Homeownership

4 million homeowners skip mortgage payments as forbearance requests slow

(REAL ESTATE) It is no surprise that mortgage payments are being skipped across the nation, but it’s not all a total loss…

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Over 4.1 million American homeowners are currently skipping their mortgage payments on a temporary basis as COVID-19 keeps the economy shut down, according to the Mortgage Bankers Association (MBA).

Meanwhile, forbearance requests have slowed – the MBA’s weekly survey indicates that 8.16 percent of total loans are now in forbearance plans, up from 7.91 percent the week prior, and while the share of loans in forbearance is rising, the trend is toward requests decreasing.

Mike Fratantoni, MBA’s Senior Vice President and Chief Economist, said in a statement, “There has been a pronounced flattening in loans put into forbearance – despite April’s uniformly negative economic data, remarkably high unemployment, and it now being past May payment due dates.”

Congress passed the $2.22 trillion CARES Act (the Coronavirus Aid, Relief, and Economic Security Act), under which homeowners holding a federally backed home loan may delay mortgage payments for up to a year, but politicians are quick to remind folks that the money is still due, and fees may still apply during the forbearance period.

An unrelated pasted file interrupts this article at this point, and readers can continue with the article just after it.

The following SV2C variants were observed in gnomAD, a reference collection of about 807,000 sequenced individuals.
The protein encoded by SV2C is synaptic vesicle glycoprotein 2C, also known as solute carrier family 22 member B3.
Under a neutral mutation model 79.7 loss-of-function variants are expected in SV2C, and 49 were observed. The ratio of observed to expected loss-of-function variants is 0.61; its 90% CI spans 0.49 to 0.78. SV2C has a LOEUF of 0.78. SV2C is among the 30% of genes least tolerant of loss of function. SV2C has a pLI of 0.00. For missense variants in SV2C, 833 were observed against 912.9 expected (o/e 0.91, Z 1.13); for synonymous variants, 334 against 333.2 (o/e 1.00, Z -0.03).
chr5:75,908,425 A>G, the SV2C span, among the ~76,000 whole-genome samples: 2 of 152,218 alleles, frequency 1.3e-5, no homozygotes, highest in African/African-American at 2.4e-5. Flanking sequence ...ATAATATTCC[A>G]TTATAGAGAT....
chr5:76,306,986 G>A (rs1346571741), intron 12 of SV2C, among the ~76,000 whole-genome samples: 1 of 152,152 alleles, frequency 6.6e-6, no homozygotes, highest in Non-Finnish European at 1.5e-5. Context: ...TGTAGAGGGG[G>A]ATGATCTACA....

This relief effort is the primary reason so many did not pay their mortgage this month. People are still unsure of whether or not they will be employed in the near future, and are managing their finances accordingly, particularly while lenders are still in the mood to negotiate. Economists believe that difficulties will be ongoing, and homeowners will continue to struggle as a whole.

While our economy hasn’t been hit this hard since the Great Depression, and unemployment numbers reveal widespread economic devastation, slivers of hope remain. Forbearance requests slowing isn’t the only housing hope – new home construction levels are down, but nowhere near at the same pace as other sectors harder hit.

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Homeownership

Find out if your rental home is under the 120-day federal eviction moratorium

(HOMEOWNERSHIP) COVID-19 has thrown many certainties into chaos, but heres a beacon of light if you are worried about paying rent and if you will fall victim to eviction.

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Proactively prevent foreclosure eviction

The Texas Supreme Court extended a moratorium on evictions through April 30. Dallas County’s moratorium runs through May 18. Tarrant County, next to Dallas County, has an indefinite moratorium. Meanwhile, cities, counties, and states across America have different moratoriums.

The CARES Act includes a federal eviction moratorium that begins on March 27 and lasts for 120 days.

Federally subsidized housing cannot evict tenants for non-payment for 120 days. If you’re like most renters, you may not know if your property is backed a federal program, such as HUD, FHA, USDA or Fannie Mae and Freddie Mac.

Here is a searchable database helps renters identify if their home is covered by the CARES Act

The National Low Income Housing Coalition offers a searchable database of homes that are covered by the CARES Act. Please note that the database is not comprehensive. Just because your home isn’t listed, doesn’t mean that the CARES ACT doesn’t apply.